Sara Ashencaen Crabtree, Jonathan Parker
Sara Ashencaen Crabtree is Professor of Social and Cultural Diversity, co-convenor of the Women’s Academic at Bournemouth University and Visiting Professor at Universiti Kebangsaan Malaysia; Universiti Sains Malaysia and Universiti Malaysia Sarawak. She has worked extensively overseas in Southeast Asia, Hong Kong, and the Middle East and is widely published in areas of discrimination and disadvantage, cross-cultural issues and belief. She is the author of Women of Faith and the Quest for Spiritual Authenticity, the first European book on Islam and Social Work. She is currently engaged in research concerning women’s relationships with religions.
Jonathan Parker is Professor of Society & Social Welfare at Bournemouth University, and Visiting Professor at Universiti Kebangsaan Malaysia, Universiti Sains Malaysia, Doctoral programme team member at Università Cattolica del Sacro Cuore, Milan. He was one of the founders and director of the Family Assessment and Support Unit, a placement agency attached to the University of Hull. He was Chair of the Association of Teachers in Social Work Education until 2005, Vice Chair of the UK higher education representative body, the Joint University Council for Social Work Education from 2005–2010 and is a Fellow of the Academy of Social Sciences.
OBJECTIVES: The aims of the paper are to subject the ontologies of social welfare in Britain to critical scrutiny, in respect of examining political ideologies of neoliberalism and austerity; and the impact of these upon the value-driven role and remit of professional social work, which has developed as an essential arm of the post-War, British Welfare State. THEORETICAL BASE: Although the erosion of the Welfare State has been subject to a number of social policy critiques, here the authors offer an alternative understanding of social welfare, as inspired by the Islamic principle of zakāt. METHODS: This paper offers a conceptual, discursive analysis. OUTCOME: Operating as a socio-religio-political concept, zakāt provides a sharply contrasting alternative understanding to social weald, capitalism and the State, serving to reframe prevailing political rationalisations and policy measures as that which are fundamentally harmful to social cohesion in generating rising social need. SOCIAL WORK IMPLICATIONS: Growing social need, artificially inflated through political ideology, carries ruinous implications for social work provision in terms of State (un)accountability for social welfare and overtly politicised social work mandates.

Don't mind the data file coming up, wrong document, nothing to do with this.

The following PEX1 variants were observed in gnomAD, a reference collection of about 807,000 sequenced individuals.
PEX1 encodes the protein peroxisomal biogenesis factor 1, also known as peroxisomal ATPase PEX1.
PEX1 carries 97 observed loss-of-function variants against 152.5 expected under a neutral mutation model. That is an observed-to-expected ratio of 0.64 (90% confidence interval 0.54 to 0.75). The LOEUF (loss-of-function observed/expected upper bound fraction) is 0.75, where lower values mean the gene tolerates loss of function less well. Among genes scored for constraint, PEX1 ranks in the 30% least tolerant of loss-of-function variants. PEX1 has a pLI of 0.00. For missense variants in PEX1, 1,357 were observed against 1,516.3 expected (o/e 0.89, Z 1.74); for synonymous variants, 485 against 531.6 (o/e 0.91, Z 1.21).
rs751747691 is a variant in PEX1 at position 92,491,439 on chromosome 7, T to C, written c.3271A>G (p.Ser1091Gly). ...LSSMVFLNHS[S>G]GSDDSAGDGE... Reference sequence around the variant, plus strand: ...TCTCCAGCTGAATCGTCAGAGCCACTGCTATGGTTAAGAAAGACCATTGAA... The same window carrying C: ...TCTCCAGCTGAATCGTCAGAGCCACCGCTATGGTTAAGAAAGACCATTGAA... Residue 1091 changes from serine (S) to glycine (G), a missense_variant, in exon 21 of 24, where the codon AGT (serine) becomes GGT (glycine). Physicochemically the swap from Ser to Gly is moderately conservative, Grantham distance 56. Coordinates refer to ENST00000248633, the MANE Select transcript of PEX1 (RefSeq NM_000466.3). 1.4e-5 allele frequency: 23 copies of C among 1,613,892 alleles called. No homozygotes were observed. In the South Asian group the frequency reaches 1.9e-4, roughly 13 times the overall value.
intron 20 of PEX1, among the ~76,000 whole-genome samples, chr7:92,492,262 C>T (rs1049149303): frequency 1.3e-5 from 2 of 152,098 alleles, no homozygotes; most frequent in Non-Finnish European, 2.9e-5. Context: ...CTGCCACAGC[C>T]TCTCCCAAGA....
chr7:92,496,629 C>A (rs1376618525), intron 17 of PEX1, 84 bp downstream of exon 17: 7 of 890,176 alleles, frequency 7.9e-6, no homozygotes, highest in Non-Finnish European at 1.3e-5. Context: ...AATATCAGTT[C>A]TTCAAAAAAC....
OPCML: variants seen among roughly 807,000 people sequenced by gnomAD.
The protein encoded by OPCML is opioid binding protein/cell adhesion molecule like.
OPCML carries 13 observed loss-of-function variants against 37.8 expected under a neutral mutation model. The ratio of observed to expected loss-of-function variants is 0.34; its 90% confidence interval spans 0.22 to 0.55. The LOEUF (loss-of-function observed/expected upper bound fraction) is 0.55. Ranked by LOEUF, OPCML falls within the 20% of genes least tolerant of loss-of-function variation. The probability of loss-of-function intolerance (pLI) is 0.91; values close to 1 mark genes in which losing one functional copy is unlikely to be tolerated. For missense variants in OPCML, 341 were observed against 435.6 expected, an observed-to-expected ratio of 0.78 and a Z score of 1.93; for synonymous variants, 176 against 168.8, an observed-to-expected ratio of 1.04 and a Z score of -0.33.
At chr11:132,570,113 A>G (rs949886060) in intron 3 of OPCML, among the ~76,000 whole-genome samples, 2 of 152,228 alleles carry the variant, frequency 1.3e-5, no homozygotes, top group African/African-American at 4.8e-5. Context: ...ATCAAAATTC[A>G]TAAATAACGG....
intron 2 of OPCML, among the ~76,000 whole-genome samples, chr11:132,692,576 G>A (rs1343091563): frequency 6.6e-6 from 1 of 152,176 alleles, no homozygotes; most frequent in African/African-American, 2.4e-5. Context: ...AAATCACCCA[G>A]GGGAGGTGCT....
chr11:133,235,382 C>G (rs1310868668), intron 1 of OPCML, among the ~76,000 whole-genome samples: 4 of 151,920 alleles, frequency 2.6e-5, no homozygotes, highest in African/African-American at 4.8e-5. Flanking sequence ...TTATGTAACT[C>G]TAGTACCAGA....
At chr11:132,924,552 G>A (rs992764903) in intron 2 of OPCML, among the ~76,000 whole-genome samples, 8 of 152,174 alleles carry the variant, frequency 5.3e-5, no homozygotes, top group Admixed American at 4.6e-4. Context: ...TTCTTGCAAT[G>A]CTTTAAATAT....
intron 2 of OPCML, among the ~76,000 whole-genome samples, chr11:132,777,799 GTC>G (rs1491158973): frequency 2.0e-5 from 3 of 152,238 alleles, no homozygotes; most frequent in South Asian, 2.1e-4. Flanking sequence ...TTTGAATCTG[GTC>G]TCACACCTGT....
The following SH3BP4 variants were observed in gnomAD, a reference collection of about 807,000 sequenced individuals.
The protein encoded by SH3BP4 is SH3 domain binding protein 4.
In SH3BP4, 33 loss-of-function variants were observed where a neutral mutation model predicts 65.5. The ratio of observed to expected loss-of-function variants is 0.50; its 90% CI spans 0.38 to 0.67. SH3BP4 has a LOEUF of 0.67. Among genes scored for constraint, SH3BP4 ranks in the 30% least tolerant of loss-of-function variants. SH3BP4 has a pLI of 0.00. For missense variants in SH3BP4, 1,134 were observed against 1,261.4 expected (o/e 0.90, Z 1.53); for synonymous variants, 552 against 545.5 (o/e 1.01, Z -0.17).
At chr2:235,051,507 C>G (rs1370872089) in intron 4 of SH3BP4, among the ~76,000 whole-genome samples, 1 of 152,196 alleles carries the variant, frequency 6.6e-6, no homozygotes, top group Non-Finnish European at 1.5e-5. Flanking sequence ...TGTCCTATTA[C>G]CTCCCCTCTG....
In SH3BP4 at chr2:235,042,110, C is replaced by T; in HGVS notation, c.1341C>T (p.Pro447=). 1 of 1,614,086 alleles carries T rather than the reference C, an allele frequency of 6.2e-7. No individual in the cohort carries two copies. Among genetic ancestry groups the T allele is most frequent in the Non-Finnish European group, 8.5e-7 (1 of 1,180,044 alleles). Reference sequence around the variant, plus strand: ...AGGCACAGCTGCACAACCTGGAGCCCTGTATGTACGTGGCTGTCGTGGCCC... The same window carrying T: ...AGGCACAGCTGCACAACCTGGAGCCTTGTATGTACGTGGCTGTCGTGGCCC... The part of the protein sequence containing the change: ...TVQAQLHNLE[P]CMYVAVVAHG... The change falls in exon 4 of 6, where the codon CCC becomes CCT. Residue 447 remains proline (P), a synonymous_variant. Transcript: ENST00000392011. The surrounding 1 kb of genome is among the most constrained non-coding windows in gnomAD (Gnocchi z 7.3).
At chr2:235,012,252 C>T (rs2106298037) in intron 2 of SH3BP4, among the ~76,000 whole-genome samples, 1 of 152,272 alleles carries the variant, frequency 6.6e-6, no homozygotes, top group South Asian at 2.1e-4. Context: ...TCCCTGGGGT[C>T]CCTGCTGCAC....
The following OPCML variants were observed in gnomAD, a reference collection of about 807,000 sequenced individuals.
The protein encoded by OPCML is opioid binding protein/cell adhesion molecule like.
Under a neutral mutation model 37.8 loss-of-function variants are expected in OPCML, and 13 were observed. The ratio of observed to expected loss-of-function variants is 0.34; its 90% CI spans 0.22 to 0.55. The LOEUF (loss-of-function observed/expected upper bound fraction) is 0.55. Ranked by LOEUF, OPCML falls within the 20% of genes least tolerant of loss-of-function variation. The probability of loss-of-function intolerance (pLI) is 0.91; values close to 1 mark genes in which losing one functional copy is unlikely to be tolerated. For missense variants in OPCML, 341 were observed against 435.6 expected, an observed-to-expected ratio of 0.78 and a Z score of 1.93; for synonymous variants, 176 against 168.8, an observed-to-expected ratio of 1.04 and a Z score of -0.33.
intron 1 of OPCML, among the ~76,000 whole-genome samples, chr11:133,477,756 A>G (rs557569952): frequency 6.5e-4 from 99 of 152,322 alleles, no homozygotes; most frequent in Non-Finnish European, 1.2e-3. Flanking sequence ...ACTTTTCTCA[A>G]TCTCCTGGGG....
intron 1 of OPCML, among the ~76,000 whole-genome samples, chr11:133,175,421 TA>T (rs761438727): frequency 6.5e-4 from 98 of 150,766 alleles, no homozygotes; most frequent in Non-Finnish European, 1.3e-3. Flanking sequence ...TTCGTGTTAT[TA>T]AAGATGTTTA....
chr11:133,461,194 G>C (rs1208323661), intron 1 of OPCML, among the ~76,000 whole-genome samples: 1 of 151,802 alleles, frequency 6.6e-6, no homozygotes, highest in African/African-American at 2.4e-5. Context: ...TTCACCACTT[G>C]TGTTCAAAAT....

zakāt, Welfare State, austerity, values
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